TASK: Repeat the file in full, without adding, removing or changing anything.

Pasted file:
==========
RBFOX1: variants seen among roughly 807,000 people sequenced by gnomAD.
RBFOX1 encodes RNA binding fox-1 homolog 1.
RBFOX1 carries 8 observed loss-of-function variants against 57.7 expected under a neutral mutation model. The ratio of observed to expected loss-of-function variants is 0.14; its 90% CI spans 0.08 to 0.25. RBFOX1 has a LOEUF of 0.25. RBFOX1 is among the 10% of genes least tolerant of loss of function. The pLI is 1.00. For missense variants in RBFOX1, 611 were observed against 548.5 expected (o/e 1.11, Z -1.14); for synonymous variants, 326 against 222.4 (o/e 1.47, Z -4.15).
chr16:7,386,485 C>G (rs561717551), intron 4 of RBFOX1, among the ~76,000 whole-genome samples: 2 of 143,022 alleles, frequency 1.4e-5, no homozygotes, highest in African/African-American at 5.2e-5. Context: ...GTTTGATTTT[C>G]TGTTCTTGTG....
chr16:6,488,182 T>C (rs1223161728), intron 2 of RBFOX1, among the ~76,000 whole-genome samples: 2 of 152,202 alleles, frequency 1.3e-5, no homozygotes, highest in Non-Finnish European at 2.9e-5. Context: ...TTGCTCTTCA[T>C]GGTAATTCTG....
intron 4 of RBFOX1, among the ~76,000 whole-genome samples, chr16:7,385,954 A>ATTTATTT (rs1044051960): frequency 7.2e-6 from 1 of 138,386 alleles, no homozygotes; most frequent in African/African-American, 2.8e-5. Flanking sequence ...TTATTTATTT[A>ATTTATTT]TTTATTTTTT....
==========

RBFOX1: variants seen among roughly 807,000 people sequenced by gnomAD.
RBFOX1 encodes RNA binding fox-1 homolog 1.
RBFOX1 carries 8 observed loss-of-function variants against 57.7 expected under a neutral mutation model. The ratio of observed to expected loss-of-function variants is 0.14; its 90% CI spans 0.08 to 0.25. RBFOX1 has a LOEUF of 0.25. RBFOX1 is among the 10% of genes least tolerant of loss of function. The pLI is 1.00. For missense variants in RBFOX1, 611 were observed against 548.5 expected (o/e 1.11, Z -1.14); for synonymous variants, 326 against 222.4 (o/e 1.47, Z -4.15).
chr16:7,386,485 C>G (rs561717551), intron 4 of RBFOX1, among the ~76,000 whole-genome samples: 2 of 143,022 alleles, frequency 1.4e-5, no homozygotes, highest in African/African-American at 5.2e-5. Context: ...GTTTGATTTT[C>G]TGTTCTTGTG....
chr16:6,488,182 T>C (rs1223161728), intron 2 of RBFOX1, among the ~76,000 whole-genome samples: 2 of 152,202 alleles, frequency 1.3e-5, no homozygotes, highest in Non-Finnish European at 2.9e-5. Context: ...TTGCTCTTCA[T>C]GGTAATTCTG....
intron 4 of RBFOX1, among the ~76,000 whole-genome samples, chr16:7,385,954 A>ATTTATTT (rs1044051960): frequency 7.2e-6 from 1 of 138,386 alleles, no homozygotes; most frequent in African/African-American, 2.8e-5. Flanking sequence ...TTATTTATTT[A>ATTTATTT]TTTATTTTTT....